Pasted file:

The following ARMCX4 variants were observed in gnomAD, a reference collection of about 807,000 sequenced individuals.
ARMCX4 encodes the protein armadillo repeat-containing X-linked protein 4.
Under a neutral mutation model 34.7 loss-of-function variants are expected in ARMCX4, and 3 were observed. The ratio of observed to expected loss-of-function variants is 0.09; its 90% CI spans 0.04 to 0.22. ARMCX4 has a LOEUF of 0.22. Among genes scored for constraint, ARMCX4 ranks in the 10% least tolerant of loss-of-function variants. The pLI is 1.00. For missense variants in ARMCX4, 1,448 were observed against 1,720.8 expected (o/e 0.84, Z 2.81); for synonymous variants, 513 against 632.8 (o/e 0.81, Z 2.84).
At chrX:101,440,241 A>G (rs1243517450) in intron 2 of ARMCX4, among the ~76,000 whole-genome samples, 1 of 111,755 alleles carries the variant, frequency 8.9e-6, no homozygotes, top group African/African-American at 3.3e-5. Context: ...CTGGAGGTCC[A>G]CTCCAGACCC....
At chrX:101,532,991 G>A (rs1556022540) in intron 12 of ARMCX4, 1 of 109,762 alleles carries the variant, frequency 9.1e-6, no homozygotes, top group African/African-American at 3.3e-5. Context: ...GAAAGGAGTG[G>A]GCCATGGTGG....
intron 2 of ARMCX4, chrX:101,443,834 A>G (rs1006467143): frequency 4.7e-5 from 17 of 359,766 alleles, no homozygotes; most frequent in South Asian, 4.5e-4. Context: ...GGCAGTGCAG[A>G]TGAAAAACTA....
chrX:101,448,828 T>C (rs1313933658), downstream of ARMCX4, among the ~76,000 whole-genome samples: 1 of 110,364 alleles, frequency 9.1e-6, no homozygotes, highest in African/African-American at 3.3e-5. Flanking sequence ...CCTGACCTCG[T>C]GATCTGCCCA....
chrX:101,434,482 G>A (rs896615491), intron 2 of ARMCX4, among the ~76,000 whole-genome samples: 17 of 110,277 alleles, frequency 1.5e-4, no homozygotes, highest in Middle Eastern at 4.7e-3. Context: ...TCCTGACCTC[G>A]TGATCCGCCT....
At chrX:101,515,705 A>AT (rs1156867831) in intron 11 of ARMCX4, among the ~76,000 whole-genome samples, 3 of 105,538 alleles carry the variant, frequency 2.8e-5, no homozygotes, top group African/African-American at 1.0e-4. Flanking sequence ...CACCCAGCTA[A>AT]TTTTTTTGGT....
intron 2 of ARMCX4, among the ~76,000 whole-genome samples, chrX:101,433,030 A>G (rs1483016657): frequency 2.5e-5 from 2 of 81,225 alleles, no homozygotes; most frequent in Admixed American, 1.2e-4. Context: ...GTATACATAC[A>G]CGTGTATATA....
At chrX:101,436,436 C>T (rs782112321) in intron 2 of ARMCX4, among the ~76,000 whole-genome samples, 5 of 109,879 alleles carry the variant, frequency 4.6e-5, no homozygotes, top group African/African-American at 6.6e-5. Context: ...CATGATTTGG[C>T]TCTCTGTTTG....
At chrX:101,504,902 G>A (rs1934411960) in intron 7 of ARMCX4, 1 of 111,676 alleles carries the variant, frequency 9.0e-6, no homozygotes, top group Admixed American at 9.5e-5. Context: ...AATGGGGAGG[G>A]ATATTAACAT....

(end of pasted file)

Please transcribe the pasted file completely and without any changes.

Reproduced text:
The following ARMCX4 variants were observed in gnomAD, a reference collection of about 807,000 sequenced individuals.
ARMCX4 encodes the protein armadillo repeat-containing X-linked protein 4.
Under a neutral mutation model 34.7 loss-of-function variants are expected in ARMCX4, and 3 were observed. The ratio of observed to expected loss-of-function variants is 0.09; its 90% CI spans 0.04 to 0.22. ARMCX4 has a LOEUF of 0.22. Among genes scored for constraint, ARMCX4 ranks in the 10% least tolerant of loss-of-function variants. The pLI is 1.00. For missense variants in ARMCX4, 1,448 were observed against 1,720.8 expected (o/e 0.84, Z 2.81); for synonymous variants, 513 against 632.8 (o/e 0.81, Z 2.84).
At chrX:101,440,241 A>G (rs1243517450) in intron 2 of ARMCX4, among the ~76,000 whole-genome samples, 1 of 111,755 alleles carries the variant, frequency 8.9e-6, no homozygotes, top group African/African-American at 3.3e-5. Context: ...CTGGAGGTCC[A>G]CTCCAGACCC....
At chrX:101,532,991 G>A (rs1556022540) in intron 12 of ARMCX4, 1 of 109,762 alleles carries the variant, frequency 9.1e-6, no homozygotes, top group African/African-American at 3.3e-5. Context: ...GAAAGGAGTG[G>A]GCCATGGTGG....
intron 2 of ARMCX4, chrX:101,443,834 A>G (rs1006467143): frequency 4.7e-5 from 17 of 359,766 alleles, no homozygotes; most frequent in South Asian, 4.5e-4. Context: ...GGCAGTGCAG[A>G]TGAAAAACTA....
chrX:101,448,828 T>C (rs1313933658), downstream of ARMCX4, among the ~76,000 whole-genome samples: 1 of 110,364 alleles, frequency 9.1e-6, no homozygotes, highest in African/African-American at 3.3e-5. Flanking sequence ...CCTGACCTCG[T>C]GATCTGCCCA....
chrX:101,434,482 G>A (rs896615491), intron 2 of ARMCX4, among the ~76,000 whole-genome samples: 17 of 110,277 alleles, frequency 1.5e-4, no homozygotes, highest in Middle Eastern at 4.7e-3. Context: ...TCCTGACCTC[G>A]TGATCCGCCT....
At chrX:101,515,705 A>AT (rs1156867831) in intron 11 of ARMCX4, among the ~76,000 whole-genome samples, 3 of 105,538 alleles carry the variant, frequency 2.8e-5, no homozygotes, top group African/African-American at 1.0e-4. Flanking sequence ...CACCCAGCTA[A>AT]TTTTTTTGGT....
intron 2 of ARMCX4, among the ~76,000 whole-genome samples, chrX:101,433,030 A>G (rs1483016657): frequency 2.5e-5 from 2 of 81,225 alleles, no homozygotes; most frequent in Admixed American, 1.2e-4. Context: ...GTATACATAC[A>G]CGTGTATATA....
At chrX:101,436,436 C>T (rs782112321) in intron 2 of ARMCX4, among the ~76,000 whole-genome samples, 5 of 109,879 alleles carry the variant, frequency 4.6e-5, no homozygotes, top group African/African-American at 6.6e-5. Context: ...CATGATTTGG[C>T]TCTCTGTTTG....
At chrX:101,504,902 G>A (rs1934411960) in intron 7 of ARMCX4, 1 of 111,676 alleles carries the variant, frequency 9.0e-6, no homozygotes, top group Admixed American at 9.5e-5. Context: ...AATGGGGAGG[G>A]ATATTAACAT....